Courage MKE: A Home for LGBTQ+ Youth
BRAD SCHLAIKOWSKI and his husband, Nick, weren’t strangers to the struggles of the gay community, but fostering LGBTQ+ youth flipped a switch. One of their foster daughters had been kicked out of a shelter because she was lesbian, so she couch-surfed and jumped between foster homes for five years. “She would tell us stories about women’s shelters not accepting her because she was gay, and that broke our hearts,” Schlaikowski says. “We were like, what else can we do?”
With no experience in nonprofits and without a dime in fundraising, the Schlaikowskis decided to create their own solution. In 2015, they founded Courage MKE, a collaborative movement that provides housing and services for displaced and homeless LGBTQ+ youth in Milwaukee. The heart of the movement would be a licensed group home, which they purchased in 2018.
The house needed work – a lot of it. Individual and corporate donors, including Kohl’s and Lowe’s, banded together to rehab and furnish the home. Courage House officially opened on Milwaukee’s South Side in March 2019, and Schlaikowski remembers seeing it for the first time. “When I opened the door, I got this feeling in my heart that I hope the kids get when they realize they’re in a place they can call home, maybe for the next several years. It took my breath away.”
The first resident moved into Courage House in May 2019. All residents are referred from social service agencies, and the only requirement is that they identify as LGBTQ+, even if they’re questioning their sexuality. Courage House can house up to five youth at a time, and each receives counseling, health care, training in life skills, and when possible, family reunification. Courage House residents stay 211% longer than the Wisconsin average for youth group homes – at least in part because they feel accepted for who they are, maybe for the first time.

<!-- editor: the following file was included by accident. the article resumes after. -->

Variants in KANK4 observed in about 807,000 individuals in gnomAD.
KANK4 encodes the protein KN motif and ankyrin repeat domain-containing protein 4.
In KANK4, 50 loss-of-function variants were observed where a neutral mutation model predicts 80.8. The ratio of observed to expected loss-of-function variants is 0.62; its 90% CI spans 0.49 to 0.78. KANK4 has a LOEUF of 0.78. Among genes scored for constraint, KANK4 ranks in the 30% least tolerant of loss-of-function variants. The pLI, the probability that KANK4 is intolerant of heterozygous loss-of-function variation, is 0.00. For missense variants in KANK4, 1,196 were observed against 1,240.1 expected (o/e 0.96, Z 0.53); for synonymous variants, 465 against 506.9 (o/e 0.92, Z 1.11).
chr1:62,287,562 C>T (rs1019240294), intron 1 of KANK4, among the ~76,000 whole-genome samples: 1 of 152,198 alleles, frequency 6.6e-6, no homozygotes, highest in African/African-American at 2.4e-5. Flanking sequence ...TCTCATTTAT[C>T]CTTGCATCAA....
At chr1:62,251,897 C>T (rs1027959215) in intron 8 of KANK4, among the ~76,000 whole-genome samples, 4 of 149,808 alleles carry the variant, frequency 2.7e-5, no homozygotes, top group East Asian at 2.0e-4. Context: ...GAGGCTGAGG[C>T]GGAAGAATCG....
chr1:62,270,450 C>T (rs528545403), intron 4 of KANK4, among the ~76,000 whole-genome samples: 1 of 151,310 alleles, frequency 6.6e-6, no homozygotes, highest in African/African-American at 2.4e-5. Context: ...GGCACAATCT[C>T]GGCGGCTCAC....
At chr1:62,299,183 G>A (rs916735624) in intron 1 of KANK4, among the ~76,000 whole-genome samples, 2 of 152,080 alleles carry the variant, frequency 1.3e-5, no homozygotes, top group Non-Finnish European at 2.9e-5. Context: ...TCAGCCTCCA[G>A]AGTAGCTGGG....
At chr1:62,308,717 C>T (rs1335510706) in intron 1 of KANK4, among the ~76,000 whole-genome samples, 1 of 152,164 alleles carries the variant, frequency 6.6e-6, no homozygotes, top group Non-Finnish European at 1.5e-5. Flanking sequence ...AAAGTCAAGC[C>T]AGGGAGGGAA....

One of Schlaikowski’s favorite things about housing LGBTQ+ youth is when, a few days after they move in, they realize they can be themselves. A few years ago, Courage House welcomed a trans resident. Not long after her arrival, a staff member sent Schlaikowski a picture of her in a long, flowy yellow dress, twirling on the front porch.
“I think about kids who feel deprived if they don’t get a video game, and I gave this girl a dress and her life is complete,” he says. “These kids deserve to be who they are, regardless of the hand they were dealt in life.”
EDITOR’S NOTE: Follow-up statements from Milwaukee Magazine and Courage MKE can be found here.
Jessica Boling: Standing Up and Being Seen
GROWING UP, Jessica Boling didn’t learn much about her Korean culture. She didn’t know many people who looked like her in her small hometown ouher in her small hometown out
on on World War II-era violence against Japanese immigrants. What Boling does remember is a distinct feeling of otherness. “You always know that you’re different and can be targeted for your differences, and I’ve become more aware of it as I’ve grown up,” the 37-year-old says.